While the health and vitality of a network is ultimately determined by the engagement of its members, the tools and systems used to support the networks functioning can make a dramatic difference in how the network functions and ultimately survives. If the network takes a lot of effort for its members to participate in, it will be harder to solicit membership and get meaningful engagement. If, on the other hand, participation is natural and seamless with other work activities, network growth and engagement will be greatly augmented.

Here are the things that you need your network tools and systems to accomplish.

  • Shared content space – Items of note, trends, concepts, insights, etc.
  • Shared creative space – Discussion of ideas, problem finding, problem solving
  • Seamless communication – Foster engagement, capture interactions
  • Sensing – Internal and external ‘sensors’ to detect relevant signals
  • Measurement – Metrics to see how well the network is functioning
  • Trust building – shared experiences, active communication, and mutually respective behavior

Unfortunately, the tools most used by companies for their operational excellence are ill suited to the demands of a network. E-mail (with attached files) and SharePoint just don’t cut it as the basis for the networks needed. Fortunately, there are many other tools and systems that are available (with more being introduced every day) that can create the seamless, participatory and engaged interactions that networks require. Some of these are shown in Figure 3 below.

Figure 2 – Tools for the New Age of Networks


How often have you heard the phrase ‘feed the machine’? It is a common phrase in large companies and refers to the activities needed to provide the corporate hierarchy with the data and information that is demanded – by the ERP system, by executives, and by Wall Street. The phrase is symptomatic of a company’s operational excellence orientation but it is antithetical to innovation.

In contrast, Innovation Networks nourish the mind of the company by creating new knowledge and competencies. Innovation Networks can help break the constraints of short-termism and the hierarchical and matrixed structures designed for operational excellence.

As mentioned in the introduction, Innovation Networks are the T-shaped entities of an organization. They stretch across the breadth of the company and can go deep into the domain. As companies adapt to the VUCA world, the Innovation Network is one of the most effective means to do so. Creating these networks is necessary if a company expects to innovate and compete in the future.


  1. Nonaka, S and Takeuchi, N.; The Knowledge Creating Company; Oxford University Press; May 18, 1995
  2. Wegner, E. and McDermott, R.; Cultivating Communities of Practice; Harvard Business Review Press; January 8, 2002
  3. Buchanen, M. ; Nexus: Small Worlds and the Groundbreaking Science of Networks; W. W. Norton & Company; May 2002
  4. Pentland, A.; Social Physics: How Good Ideas Spread-The Lessons from a New Science; Penguin Press; January 2014
  5. Bates, T.; The role of communities of practice in a digital age; Online Learning and Distance Education Resources; October 2014
  6. Liguori, S.; Social Networking Breaks Down Corporate Silos; Forbes, July 27, 2010
  7. Ivanon, E.; Internal Innovation Networks as a Basis for Corporate Intrapreneurship; LinkedIn; September 29, 2015
  8. Webber, E.; Communities of Practice: The Missing Piece of Your Agile Organisation; InfoQ; September 16, 2016
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Appendix A – It Started With ‘The Knowledge Creating Company’

Human networks have been around since there were humans. It has only been since the early 1990’s however that the role they play in a company has been explicitly studied. And it has only been since the early 2000’s that there have been explicit attempts to develop the models, methods and tools that would let companies purposefully create and nurture the networks they need. And it has only been in the last few years that the formal ‘mathematics’ of networks has been developed and new tools and systems have become available to support diverse, dispersed and dynamic networks both within and without organizational boundaries.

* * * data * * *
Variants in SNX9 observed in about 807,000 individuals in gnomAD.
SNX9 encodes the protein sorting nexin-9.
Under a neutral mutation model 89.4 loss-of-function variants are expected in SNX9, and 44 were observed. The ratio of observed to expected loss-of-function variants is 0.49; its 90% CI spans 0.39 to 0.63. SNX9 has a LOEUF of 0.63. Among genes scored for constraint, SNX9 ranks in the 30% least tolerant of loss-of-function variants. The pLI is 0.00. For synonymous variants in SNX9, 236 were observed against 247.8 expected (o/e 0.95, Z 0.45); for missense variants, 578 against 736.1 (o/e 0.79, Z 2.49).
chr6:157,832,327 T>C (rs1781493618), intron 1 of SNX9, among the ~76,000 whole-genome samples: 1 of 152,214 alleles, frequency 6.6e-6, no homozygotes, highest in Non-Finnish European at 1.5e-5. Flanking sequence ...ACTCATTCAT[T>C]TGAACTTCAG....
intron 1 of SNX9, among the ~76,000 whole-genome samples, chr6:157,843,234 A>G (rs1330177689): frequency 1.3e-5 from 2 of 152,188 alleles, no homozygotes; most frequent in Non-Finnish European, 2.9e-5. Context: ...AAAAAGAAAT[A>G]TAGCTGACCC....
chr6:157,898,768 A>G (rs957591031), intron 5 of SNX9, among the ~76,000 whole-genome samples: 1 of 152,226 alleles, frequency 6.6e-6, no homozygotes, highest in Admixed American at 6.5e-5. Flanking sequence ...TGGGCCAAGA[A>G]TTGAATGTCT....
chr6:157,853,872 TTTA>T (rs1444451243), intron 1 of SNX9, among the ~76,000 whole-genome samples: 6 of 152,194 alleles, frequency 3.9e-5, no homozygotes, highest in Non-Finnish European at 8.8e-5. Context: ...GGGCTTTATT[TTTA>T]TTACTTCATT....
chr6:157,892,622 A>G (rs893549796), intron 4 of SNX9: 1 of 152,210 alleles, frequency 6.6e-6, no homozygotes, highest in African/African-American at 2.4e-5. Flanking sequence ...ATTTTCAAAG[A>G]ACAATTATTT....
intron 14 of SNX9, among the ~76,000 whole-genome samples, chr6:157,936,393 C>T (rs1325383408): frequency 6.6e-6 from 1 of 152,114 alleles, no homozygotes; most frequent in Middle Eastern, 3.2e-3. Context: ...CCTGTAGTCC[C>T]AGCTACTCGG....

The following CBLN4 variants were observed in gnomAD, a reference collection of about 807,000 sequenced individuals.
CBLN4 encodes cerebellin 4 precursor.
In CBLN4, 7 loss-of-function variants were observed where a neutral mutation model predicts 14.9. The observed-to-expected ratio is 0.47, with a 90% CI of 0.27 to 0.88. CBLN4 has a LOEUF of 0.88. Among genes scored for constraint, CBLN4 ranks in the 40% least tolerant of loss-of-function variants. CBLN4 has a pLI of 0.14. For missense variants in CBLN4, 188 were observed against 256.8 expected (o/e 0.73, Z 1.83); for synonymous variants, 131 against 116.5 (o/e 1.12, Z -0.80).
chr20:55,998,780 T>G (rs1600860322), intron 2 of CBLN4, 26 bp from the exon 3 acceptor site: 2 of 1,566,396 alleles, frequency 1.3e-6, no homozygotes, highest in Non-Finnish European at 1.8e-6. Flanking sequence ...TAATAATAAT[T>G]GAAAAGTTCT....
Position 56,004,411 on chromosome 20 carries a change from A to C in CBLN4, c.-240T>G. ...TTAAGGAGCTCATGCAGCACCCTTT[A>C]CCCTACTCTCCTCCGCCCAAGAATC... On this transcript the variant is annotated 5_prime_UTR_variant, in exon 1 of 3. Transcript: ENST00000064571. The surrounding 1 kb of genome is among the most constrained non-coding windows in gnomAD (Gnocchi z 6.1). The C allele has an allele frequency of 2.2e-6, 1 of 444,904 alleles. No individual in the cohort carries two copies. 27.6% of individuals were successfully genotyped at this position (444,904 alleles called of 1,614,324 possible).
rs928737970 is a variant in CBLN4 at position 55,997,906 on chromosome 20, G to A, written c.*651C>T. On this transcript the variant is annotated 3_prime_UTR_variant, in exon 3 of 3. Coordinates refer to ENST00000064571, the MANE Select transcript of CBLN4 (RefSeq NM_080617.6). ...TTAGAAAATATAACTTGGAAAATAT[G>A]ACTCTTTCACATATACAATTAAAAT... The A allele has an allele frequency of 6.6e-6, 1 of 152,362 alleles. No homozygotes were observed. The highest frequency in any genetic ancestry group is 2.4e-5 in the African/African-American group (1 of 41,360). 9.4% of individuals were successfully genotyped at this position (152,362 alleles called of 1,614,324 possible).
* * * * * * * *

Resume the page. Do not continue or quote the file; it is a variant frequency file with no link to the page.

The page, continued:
In 1995, Nonaka and Takeuchi published their seminal book ‘The Knowledge Creating Company’ and in 2000 Etienne Wegner published his book on ‘Communities of Practice’ and in 2002 another book (along with Richard McDermott) on ‘Cultivating Communities of Practice’. Because of these works, and many others, the concept of a company as a mechanism for aggregating, synthesizing and transforming knowledge has been central to the theory of the firm and it has become widely accepted that internal knowledge creating networks can create tremendous value for a company.

Nonaka and Takeuchi got things started in with their book ‘The Knowledge Creating Company’. They focused on the ways that companies are knowledge creation entities and the mechanisms of transforming knowledge from tacit to explicit forms. Figure 1, taken from their book, illustrates the model of tacit and explicit knowledge creation they developed based on their research.

Figure 1 – From The Knowledge Creating Company

In this model, they articulate the role of the individual, the group and the organization in the process. By interposing the intermediate entity the group, they identified the central importance of something in-between the individual and the organization. But what is a ‘group’? It could be anything from a formal and structured organizational unit, such as an engineering team, to a loosely connected collection of individuals with common interests.

The next major advance in the study of knowledge creation within a firm came in 2000 and 2002 when Etienne Wegner developed the concept of a communities of practice (CoP). People were already very familiar with formal organizational structures, such as business divisions, hierarchies, matrix organizations, functional units, project teams etc., but the more informal and organic means of knowledge creation were given a name and a purpose by Wegner and subsequently others. CoPs, by whatever name they go by, have continued to be something that many companies work to establish and get value from although they often struggle to deliver what is expected of them.

Since Wegner, there has been a tremendous amount of research on networks – how they form, how they work, their social dynamics, their communication and knowledge creation mechanisms, etc.. See the readings section above for more information.